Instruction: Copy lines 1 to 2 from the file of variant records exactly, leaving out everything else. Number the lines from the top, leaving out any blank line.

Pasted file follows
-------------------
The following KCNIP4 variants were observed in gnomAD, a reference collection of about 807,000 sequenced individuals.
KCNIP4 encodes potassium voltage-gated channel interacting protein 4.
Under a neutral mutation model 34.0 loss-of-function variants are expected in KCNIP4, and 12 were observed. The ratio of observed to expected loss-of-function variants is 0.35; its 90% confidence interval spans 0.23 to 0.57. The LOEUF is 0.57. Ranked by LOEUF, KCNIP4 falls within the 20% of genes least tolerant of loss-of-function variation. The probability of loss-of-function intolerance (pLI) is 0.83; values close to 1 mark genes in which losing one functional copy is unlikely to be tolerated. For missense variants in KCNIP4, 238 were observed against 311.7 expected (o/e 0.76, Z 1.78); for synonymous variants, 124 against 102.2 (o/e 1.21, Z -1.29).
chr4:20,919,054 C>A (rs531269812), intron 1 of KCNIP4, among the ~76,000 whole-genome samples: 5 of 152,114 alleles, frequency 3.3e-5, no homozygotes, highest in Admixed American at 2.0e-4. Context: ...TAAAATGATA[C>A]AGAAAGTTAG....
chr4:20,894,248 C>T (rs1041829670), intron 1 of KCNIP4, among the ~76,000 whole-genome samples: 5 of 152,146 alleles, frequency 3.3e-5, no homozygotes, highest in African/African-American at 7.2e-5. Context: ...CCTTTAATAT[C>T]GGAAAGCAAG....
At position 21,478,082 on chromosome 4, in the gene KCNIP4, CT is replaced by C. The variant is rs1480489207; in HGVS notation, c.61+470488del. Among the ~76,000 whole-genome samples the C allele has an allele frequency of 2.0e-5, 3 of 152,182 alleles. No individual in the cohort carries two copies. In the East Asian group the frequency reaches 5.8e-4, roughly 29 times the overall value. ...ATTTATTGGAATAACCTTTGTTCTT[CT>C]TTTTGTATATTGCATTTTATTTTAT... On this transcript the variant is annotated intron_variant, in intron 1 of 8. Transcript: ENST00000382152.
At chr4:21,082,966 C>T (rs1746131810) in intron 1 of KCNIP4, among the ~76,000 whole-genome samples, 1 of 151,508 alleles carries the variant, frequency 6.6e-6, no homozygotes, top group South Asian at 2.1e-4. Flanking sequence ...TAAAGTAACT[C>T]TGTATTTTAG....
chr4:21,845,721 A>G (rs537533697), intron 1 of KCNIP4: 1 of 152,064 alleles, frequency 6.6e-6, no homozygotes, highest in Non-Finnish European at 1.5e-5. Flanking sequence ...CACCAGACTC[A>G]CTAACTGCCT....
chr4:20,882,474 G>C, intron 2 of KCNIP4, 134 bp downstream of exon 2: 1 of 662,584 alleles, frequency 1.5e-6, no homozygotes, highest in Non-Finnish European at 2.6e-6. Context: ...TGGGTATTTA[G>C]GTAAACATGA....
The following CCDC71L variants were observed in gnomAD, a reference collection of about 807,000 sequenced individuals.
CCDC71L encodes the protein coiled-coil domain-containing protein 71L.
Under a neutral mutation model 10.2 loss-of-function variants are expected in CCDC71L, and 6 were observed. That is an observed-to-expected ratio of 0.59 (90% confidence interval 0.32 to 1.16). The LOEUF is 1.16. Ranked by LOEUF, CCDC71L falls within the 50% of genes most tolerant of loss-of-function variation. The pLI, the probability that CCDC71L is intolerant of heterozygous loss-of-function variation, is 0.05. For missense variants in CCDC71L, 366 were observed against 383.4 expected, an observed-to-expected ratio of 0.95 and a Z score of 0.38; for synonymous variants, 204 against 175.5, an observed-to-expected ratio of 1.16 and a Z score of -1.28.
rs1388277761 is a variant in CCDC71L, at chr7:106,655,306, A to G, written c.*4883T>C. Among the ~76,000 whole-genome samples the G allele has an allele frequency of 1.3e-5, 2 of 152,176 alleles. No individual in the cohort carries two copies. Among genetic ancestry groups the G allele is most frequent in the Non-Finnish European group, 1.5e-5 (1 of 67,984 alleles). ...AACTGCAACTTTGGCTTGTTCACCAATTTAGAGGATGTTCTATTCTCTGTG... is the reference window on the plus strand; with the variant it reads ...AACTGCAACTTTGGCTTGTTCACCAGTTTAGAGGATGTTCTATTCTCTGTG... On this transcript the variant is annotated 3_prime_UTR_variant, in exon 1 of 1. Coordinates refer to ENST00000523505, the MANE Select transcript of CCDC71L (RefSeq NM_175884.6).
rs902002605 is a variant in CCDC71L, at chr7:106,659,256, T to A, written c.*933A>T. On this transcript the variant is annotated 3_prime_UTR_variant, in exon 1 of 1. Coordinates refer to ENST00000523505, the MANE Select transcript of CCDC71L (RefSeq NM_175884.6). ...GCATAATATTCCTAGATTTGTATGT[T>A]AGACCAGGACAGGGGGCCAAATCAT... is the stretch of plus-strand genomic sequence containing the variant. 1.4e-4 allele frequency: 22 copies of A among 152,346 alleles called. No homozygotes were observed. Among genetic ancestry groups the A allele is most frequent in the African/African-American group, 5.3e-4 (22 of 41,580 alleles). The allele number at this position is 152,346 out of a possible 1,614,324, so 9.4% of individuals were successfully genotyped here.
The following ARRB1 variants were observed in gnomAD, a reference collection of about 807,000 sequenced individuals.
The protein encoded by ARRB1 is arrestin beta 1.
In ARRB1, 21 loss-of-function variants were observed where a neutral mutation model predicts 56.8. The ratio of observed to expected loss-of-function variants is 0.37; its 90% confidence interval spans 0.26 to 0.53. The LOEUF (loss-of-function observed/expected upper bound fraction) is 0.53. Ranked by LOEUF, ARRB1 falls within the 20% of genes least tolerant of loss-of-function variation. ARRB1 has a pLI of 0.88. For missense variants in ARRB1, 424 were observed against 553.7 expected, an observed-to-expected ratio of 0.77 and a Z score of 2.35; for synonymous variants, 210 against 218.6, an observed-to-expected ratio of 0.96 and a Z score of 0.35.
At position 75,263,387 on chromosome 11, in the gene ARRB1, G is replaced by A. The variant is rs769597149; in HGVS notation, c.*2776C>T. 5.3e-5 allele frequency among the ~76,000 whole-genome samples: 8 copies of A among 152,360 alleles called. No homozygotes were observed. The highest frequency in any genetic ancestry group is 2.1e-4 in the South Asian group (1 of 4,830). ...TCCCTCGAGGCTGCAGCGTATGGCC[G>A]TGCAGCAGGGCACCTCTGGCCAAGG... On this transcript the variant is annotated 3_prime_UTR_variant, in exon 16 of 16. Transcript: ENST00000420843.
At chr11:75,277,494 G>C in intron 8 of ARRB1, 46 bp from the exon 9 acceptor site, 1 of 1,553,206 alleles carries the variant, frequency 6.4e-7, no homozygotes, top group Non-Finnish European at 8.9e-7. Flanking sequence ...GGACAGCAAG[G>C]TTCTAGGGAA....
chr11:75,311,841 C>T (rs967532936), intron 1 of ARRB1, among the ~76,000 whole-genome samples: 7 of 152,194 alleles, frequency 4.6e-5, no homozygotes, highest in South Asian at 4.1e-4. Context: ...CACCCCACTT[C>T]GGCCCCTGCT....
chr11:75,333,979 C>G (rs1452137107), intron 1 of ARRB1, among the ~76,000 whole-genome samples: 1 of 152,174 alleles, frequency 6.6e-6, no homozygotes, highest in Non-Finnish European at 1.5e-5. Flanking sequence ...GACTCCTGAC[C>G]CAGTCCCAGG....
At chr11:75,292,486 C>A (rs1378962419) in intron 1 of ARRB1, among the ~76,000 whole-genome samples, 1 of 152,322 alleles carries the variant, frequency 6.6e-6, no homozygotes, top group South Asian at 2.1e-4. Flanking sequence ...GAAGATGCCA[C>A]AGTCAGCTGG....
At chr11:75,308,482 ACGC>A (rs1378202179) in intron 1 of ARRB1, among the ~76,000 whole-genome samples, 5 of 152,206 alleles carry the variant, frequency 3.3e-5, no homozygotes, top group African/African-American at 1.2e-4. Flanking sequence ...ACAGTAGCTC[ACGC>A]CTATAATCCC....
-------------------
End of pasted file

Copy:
The following KCNIP4 variants were observed in gnomAD, a reference collection of about 807,000 sequenced individuals.
KCNIP4 encodes potassium voltage-gated channel interacting protein 4.